50 Years After Landmark Report on Smoking, Government Warns Of New Medical Dangers

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    NEWSLETTERS

    On Friday government officials in Washington, D.C. marked the 50th anniversary of a surgeon general's pivotal report on smoking and health that helped shift American culture away from heavy smoking. NBC 6's Steve Litz reports.

    On Friday government officials in Washington, D.C. marked the 50th anniversary of a surgeon general's pivotal report on smoking and health that helped shift American culture away from heavy smoking.

    They did so by issuing a new warning – saying smoking is far more dangerous than originally thought.

    A report just released by the government lists new and numerous medical conditions linked to cigarette smoking, including liver and colorectal cancer, diabetes, and erectile dysfunction.

    “I really want to quit, from my heart I really do,” said one smoker at Mary Brickell Village in downtown Miami Friday night.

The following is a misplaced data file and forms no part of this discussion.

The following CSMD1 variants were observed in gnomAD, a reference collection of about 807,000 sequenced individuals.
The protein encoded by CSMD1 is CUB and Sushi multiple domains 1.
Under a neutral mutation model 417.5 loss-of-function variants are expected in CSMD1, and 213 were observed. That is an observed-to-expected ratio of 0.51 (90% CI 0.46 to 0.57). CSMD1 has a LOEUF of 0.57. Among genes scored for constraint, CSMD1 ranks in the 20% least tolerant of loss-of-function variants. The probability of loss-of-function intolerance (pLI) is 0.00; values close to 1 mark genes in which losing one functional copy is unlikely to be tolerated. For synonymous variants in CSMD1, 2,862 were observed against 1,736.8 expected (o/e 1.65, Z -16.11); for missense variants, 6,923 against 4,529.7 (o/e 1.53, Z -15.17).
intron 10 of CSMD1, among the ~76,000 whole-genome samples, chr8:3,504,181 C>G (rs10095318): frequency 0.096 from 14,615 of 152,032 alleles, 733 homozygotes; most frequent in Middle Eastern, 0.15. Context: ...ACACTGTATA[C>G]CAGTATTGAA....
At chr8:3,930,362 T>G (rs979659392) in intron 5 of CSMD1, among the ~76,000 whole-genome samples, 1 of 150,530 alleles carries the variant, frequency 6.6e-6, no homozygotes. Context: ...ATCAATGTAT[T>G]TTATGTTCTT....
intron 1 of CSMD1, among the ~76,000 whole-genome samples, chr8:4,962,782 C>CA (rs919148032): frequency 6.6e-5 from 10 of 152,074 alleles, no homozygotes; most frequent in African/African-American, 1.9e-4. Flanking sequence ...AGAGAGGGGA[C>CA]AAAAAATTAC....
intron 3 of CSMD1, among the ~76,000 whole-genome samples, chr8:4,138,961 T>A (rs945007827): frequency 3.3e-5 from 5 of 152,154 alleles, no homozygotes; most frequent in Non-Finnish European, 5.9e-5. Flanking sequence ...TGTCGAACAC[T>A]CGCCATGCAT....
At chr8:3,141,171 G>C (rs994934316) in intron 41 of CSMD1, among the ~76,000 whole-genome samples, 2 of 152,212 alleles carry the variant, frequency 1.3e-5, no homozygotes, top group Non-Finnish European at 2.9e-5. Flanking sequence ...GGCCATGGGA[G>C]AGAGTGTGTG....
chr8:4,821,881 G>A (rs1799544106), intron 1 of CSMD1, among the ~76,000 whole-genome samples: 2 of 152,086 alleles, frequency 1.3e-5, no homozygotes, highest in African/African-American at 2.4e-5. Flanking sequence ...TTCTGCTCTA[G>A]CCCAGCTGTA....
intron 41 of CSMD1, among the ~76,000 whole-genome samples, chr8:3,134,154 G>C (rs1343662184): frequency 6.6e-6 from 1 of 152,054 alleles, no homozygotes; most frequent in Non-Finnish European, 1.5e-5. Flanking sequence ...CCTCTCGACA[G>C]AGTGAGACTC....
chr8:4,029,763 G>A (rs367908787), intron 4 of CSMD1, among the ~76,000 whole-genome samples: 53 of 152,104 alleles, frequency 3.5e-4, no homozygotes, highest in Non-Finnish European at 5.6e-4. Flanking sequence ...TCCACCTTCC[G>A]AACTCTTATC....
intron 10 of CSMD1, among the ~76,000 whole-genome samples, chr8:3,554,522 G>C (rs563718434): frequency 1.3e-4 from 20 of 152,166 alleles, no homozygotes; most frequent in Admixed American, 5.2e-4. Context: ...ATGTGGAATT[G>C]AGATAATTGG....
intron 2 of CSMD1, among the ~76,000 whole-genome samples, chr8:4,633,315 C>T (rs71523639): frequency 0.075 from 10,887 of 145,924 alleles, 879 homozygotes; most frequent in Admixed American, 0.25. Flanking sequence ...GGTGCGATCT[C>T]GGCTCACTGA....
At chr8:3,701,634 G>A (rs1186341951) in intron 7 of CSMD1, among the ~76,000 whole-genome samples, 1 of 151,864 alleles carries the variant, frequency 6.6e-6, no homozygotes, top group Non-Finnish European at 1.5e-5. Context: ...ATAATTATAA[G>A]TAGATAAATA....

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    Estevan Rosa was born Aug. 12 shortly after his parents moved to a new duplex to protect their baby's health. Amuary and Renata Rosa spoke about moving to avoid secondhand smoke, while Kamilie Belizaire of the American Lung Association discussed smoke-free living communities.

    She only gave her first name of Margaret – but said she is married to a cardiologist and was candid with her thoughts.

    “If you could tie me to a bed for however long it takes for me to quit smoking forever, I would do it,” she said.

    Smoking is an addiction, Marc Melton said at Mary Brickell Village.

    “It’s a hard thing to quit,” he said.

    Back in 1964, then-Surgeon General Luther Perry lit into cigarette smoking as dangerous and deadly.

    Millions have quit since then. Only about 18 percent of American adults smoke now, compared to more than 42 percent in 1964.

    But many more have died prematurely from smoking, including more than 20 million in the last 50 years.

    Indeed, the country's acting surgeon general was quite animated Friday when talking about America's addiction to nicotine.

    "Today, the annual death toll from smoking is approaching 500,000 per year. Enough is enough!" Dr. Boris Lushniak said.